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" Whoever attentively considers the different departments of power must perceive, that in a government in which they are separated from each other, the judiciary, from the nature of its functions, will always be the least dangerous to the political rights... "
The Congressional Globe - Page 759
de United States. Congress - 1851
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Report of the ... Annual Meeting of the American Bar Association, Volume 6

American Bar Association - 1883 - 572 pages
...Decisions. " In a government in which the departments are separated from each other, the judiciary, from the nature of its functions, will always be the...dangerous to the political rights of the Constitution. The Executive dispenses the honors; the Legislature commands the sword; the Judiciary has no influence...
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Limitation of Appellate Jurisdiction of the United States Supreme ..., Partie 2

United States. Congress. Senate. Committee on the Judiciary - 1957 - 1146 pages
...powers above mentioned, the judiciary is next to nothing." Amplifying, Hamilton wrote : "The judiciary, from the nature of its functions, will always be the...dangerous to the political rights of the Constitution; because it will be least in a capacity to annoy or injure them * * * The judiciary * * * has no influence...
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The Papers of Alexander Hamilton

Alastair Hamilton, Alexander Hamilton, Harold C. Syrett - 1962 - 776 pages
...power must perceive, that in a government in which they are separated from each other, the judiciary, from the nature of its functions, will always be the...dangerous to the political rights of the constitution; because it will be least in a capacity to annoy or injure them. The executive not only dispenses the...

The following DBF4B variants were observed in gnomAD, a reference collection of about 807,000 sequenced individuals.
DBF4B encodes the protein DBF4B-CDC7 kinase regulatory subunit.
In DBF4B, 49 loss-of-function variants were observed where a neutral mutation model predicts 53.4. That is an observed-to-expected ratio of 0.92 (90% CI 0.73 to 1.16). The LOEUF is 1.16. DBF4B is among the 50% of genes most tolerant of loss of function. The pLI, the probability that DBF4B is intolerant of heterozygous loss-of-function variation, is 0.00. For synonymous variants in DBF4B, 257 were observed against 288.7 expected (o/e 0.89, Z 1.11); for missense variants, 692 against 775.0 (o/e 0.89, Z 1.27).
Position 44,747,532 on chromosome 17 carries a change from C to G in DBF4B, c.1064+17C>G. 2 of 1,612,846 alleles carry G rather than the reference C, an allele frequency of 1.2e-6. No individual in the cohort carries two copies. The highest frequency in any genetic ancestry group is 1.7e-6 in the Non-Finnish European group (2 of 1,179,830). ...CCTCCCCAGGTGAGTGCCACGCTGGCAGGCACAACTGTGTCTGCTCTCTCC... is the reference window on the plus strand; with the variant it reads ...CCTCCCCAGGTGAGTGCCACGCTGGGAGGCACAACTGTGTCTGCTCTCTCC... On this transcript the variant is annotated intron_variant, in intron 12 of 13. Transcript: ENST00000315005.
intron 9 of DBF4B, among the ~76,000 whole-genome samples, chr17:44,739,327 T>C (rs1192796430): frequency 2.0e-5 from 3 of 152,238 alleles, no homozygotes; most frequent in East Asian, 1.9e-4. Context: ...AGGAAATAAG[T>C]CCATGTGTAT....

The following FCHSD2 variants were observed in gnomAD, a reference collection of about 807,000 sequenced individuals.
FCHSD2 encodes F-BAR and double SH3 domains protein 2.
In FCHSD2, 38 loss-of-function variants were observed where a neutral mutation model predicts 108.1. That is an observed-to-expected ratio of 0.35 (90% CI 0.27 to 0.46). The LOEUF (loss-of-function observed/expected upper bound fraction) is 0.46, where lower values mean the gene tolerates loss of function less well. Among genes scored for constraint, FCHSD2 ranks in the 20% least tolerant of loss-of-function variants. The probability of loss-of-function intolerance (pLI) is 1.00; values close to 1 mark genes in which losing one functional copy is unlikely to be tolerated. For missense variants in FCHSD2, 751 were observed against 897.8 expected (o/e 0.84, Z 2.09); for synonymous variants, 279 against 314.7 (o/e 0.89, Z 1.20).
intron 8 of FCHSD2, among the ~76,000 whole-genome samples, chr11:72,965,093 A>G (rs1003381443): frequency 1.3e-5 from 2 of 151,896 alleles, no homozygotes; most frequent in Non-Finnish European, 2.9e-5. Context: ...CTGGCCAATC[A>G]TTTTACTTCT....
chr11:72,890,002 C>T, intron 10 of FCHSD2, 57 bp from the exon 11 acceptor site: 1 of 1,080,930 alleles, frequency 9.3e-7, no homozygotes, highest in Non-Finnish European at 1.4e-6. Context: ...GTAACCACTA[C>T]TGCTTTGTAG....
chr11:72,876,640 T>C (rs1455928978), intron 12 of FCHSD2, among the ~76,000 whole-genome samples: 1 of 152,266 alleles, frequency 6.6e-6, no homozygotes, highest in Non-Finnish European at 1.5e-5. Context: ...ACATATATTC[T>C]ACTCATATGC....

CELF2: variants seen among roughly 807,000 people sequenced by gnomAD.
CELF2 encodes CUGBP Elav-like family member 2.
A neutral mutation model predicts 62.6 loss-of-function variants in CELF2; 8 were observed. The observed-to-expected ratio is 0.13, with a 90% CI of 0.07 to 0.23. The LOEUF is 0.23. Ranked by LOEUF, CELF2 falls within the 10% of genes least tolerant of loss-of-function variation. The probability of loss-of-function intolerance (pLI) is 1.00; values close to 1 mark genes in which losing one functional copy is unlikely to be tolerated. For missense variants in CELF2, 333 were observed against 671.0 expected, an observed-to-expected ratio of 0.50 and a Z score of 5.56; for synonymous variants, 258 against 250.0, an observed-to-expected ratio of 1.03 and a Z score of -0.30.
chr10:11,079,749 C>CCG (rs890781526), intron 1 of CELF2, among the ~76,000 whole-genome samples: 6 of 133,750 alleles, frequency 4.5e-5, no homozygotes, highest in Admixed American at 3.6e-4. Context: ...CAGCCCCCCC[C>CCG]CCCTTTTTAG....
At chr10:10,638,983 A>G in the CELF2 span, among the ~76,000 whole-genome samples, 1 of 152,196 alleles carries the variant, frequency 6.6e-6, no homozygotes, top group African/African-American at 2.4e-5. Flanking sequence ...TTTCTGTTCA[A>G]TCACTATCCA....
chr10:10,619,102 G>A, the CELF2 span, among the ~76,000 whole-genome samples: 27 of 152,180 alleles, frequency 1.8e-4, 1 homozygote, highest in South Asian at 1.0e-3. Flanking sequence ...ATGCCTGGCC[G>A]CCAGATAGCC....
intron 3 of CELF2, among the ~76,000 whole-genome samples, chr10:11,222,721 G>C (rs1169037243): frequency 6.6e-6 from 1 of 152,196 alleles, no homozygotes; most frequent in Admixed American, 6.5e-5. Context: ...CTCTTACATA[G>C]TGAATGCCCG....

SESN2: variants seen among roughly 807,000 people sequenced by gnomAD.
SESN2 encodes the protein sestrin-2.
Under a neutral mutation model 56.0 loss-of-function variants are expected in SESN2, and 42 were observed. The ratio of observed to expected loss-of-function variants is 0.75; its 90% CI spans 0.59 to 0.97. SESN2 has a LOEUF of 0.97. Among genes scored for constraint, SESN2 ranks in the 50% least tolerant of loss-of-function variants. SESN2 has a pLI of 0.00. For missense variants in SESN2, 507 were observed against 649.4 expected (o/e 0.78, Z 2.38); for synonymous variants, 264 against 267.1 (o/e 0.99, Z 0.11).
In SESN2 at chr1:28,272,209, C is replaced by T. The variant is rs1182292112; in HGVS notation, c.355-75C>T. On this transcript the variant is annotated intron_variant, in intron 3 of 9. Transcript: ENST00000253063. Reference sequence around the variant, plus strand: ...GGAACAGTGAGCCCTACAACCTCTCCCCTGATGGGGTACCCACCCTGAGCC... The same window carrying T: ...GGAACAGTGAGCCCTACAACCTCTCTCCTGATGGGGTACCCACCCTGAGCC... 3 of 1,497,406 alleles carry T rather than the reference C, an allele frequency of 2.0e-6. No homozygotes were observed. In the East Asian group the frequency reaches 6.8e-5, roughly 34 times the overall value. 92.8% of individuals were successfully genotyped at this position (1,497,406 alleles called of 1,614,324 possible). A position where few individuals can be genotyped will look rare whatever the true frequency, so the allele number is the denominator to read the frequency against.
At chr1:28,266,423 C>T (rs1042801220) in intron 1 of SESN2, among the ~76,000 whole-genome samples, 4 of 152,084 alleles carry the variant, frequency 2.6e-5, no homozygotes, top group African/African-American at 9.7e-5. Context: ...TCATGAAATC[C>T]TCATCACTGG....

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Cloak and Gavel: FBI Wiretaps, Bugs, Informers, and the Supreme Court

Alexander Charns - 1992 - 246 pages
...power must perceive, that, in a government in which they are separated from each other, the judiciary, from the nature of its functions, will always be the...dangerous to the political rights of the constitution; because it will be least in a capacity to annoy or injure them. The executive not only dispenses the...
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The Business of May Next: James Madison and the Founding

William Lee Miller - 1993 - 316 pages
..."one of the most valuable of the modern improvements in the practice of government." This judiciary "from the nature of its functions, will always be...dangerous to the political rights of the Constitution; because it will be least in a capacity to annoy or injure them." This least dangerous branch "has no...
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The Framers and Fundamental Rights

Robert A. Licht - 1991 - 220 pages
...attempts to allay this concern in two ways. First and more prominently, he argues that "the judiciary, from the nature of its functions, will always be the least dangerous to the political rights of the Constitution."12 The legislature "commands the purse [and] prescribes the rules by which the rights...
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Is the Supreme Court the Guardian of the Constitution?, Volume 1

Robert A. Licht - 1993 - 224 pages
...power must perceive, that in a government in which they are separated from each other, the judiciary, from the nature of its functions, will always be the...dangerous to the political rights of the constitution; because it will be least in a capacity to annoy or injure them. . . . The judiciary . . . has no influence...
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The Rise of Modern Judicial Review: From Constitutional Interpretation to ...

Christopher Wolfe - 1994 - 472 pages
...administration of the laws." Hamilton compared the judiciary to the other branches, arguing that it "will always be the least dangerous to the political rights of the Constitution; because it will be least in a capacity to annoy or injure them." The President dispenses honors and...
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The Australian Judiciary

Enid Campbell, H. P. Lee - 2001 - 334 pages
...Federalist Papers, regarding the proposed Constitution for the United States of America, that the judiciary 'will always be the least dangerous to the political rights of the Constitution'.154 Hamilton elaborated: The executive not only dispenses the honors but holds the sword...
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Congressional Serial Set

1995 - 544 pages
...agencies. "In a government in which [the departments] are separated from each other, the judiciary, from the nature of its functions, will always be the...dangerous to the political rights of the Constitution: because it will be least in a capacity to annoy or injure them . . .The judiciary . . .has no influence...
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